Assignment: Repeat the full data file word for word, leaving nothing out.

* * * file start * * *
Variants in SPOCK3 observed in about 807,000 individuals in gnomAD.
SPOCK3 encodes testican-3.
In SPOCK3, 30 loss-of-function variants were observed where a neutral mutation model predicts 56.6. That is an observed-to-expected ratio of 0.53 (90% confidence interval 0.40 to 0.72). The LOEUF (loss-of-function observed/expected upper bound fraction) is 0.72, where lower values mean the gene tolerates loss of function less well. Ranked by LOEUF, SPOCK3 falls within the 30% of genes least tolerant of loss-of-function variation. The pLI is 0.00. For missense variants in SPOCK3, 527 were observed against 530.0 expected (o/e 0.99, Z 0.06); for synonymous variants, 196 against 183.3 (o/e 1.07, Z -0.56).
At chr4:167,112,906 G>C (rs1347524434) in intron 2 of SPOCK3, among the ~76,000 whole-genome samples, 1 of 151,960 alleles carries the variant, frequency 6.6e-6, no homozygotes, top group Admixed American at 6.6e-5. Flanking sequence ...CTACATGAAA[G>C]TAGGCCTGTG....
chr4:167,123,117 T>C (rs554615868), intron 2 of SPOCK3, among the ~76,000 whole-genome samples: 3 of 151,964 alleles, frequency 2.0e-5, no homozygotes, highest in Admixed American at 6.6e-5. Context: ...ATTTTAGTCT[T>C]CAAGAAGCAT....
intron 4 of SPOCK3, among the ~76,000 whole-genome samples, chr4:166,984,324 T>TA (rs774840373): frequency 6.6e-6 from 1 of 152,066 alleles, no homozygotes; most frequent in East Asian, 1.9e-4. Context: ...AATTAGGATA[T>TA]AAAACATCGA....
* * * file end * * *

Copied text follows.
Variants in SPOCK3 observed in about 807,000 individuals in gnomAD.
SPOCK3 encodes testican-3.
In SPOCK3, 30 loss-of-function variants were observed where a neutral mutation model predicts 56.6. That is an observed-to-expected ratio of 0.53 (90% confidence interval 0.40 to 0.72). The LOEUF (loss-of-function observed/expected upper bound fraction) is 0.72, where lower values mean the gene tolerates loss of function less well. Ranked by LOEUF, SPOCK3 falls within the 30% of genes least tolerant of loss-of-function variation. The pLI is 0.00. For missense variants in SPOCK3, 527 were observed against 530.0 expected (o/e 0.99, Z 0.06); for synonymous variants, 196 against 183.3 (o/e 1.07, Z -0.56).
At chr4:167,112,906 G>C (rs1347524434) in intron 2 of SPOCK3, among the ~76,000 whole-genome samples, 1 of 151,960 alleles carries the variant, frequency 6.6e-6, no homozygotes, top group Admixed American at 6.6e-5. Flanking sequence ...CTACATGAAA[G>C]TAGGCCTGTG....
chr4:167,123,117 T>C (rs554615868), intron 2 of SPOCK3, among the ~76,000 whole-genome samples: 3 of 151,964 alleles, frequency 2.0e-5, no homozygotes, highest in Admixed American at 6.6e-5. Context: ...ATTTTAGTCT[T>C]CAAGAAGCAT....
intron 4 of SPOCK3, among the ~76,000 whole-genome samples, chr4:166,984,324 T>TA (rs774840373): frequency 6.6e-6 from 1 of 152,066 alleles, no homozygotes; most frequent in East Asian, 1.9e-4. Context: ...AATTAGGATA[T>TA]AAAACATCGA....